Two liners named Arawa were operated by the Shaw Savill Line in its service to Australia and New Zealand from the 1930s and, by coincidence, both began life with other names - Esperance Bay in the case of the first vessel, and Arlanza in the second.

The first of the two ships was built by Beardmores of Glasgow and made her maiden voyage at Esperance Bay in 1922. A 15-knot twin-screw ship, she was owned by the Australian Commonwealth Line and had excellent accommodation for 12 first-class and 720 tourist-class passengers.

In 1927 Esperance Bay and other Bay- class liners were sold to British interests, and the ship was re-modelled as a one-class liner and operated on the Suez route.

Transferred in 1936 to Shaw Savill the ship, by then named Arawa, served on the China station during the Second World War as an armed merchant cruiser and later became a transport, carrying thousands of servicemen and vital food cargoes.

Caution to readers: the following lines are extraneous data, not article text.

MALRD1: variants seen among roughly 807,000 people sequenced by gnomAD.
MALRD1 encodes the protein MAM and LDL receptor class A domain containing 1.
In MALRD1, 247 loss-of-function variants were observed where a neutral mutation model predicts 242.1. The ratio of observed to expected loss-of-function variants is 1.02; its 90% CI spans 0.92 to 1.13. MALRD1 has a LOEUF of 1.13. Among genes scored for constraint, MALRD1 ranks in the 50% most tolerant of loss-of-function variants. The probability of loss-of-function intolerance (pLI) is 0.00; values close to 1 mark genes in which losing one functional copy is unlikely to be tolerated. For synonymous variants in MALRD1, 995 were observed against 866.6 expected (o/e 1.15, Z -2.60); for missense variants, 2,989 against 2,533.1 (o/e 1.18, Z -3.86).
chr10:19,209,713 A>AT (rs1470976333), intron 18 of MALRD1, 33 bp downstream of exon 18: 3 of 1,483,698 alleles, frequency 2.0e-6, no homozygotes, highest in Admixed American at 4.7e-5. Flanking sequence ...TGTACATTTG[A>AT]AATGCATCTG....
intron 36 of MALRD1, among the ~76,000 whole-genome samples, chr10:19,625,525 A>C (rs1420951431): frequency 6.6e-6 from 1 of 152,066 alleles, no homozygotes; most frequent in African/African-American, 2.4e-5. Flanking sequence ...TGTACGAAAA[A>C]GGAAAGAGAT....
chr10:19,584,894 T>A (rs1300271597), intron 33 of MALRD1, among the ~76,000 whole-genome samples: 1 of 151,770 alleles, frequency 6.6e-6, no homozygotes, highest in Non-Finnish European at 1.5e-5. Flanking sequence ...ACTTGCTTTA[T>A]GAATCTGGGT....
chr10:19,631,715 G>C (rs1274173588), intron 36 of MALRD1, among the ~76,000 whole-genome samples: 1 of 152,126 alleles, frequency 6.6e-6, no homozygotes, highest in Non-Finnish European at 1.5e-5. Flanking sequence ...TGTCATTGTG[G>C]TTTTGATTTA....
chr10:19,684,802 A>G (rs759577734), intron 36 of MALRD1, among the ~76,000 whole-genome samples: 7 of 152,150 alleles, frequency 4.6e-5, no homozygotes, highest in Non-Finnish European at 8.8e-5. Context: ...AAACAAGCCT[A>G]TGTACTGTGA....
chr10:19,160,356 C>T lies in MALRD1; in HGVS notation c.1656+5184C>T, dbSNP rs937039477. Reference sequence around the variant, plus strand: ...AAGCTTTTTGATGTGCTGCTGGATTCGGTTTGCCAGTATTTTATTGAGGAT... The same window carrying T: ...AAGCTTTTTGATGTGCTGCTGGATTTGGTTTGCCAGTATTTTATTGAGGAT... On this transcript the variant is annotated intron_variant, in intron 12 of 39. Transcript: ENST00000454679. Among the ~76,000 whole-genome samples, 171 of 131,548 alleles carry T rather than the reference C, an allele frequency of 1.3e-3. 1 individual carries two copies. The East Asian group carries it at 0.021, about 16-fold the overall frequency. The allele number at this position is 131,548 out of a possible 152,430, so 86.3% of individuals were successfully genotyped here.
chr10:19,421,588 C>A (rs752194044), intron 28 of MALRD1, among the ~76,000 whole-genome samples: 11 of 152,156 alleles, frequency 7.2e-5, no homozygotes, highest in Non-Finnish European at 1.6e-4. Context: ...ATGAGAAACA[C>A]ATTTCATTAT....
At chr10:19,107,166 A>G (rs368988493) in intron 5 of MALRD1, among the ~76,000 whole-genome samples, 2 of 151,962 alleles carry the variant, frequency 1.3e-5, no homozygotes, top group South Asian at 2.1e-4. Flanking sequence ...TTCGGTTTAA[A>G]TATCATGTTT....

Following a refit by Swan Hunter and Wigham Richardson, Arawa returned to the Australian and New Zealand service in 1947, and paid many calls to Southampton.

She was sold to the British Iron and Steel Corporation for scrapping in 1955, when she was almost 30 years old.

The second Arawa, formerly the Royal Mail passenger-cargo liner Arlanza, began a new career with Shaw Savill in 1969. Within a few years combined passenger-cargo ships were made redundant by the introduction of container vessels.

Arawa was sold to a Norwegian firm and converted into a car-carrying freighter but was withdrawn in 1981 and sold to Japan for scrapping.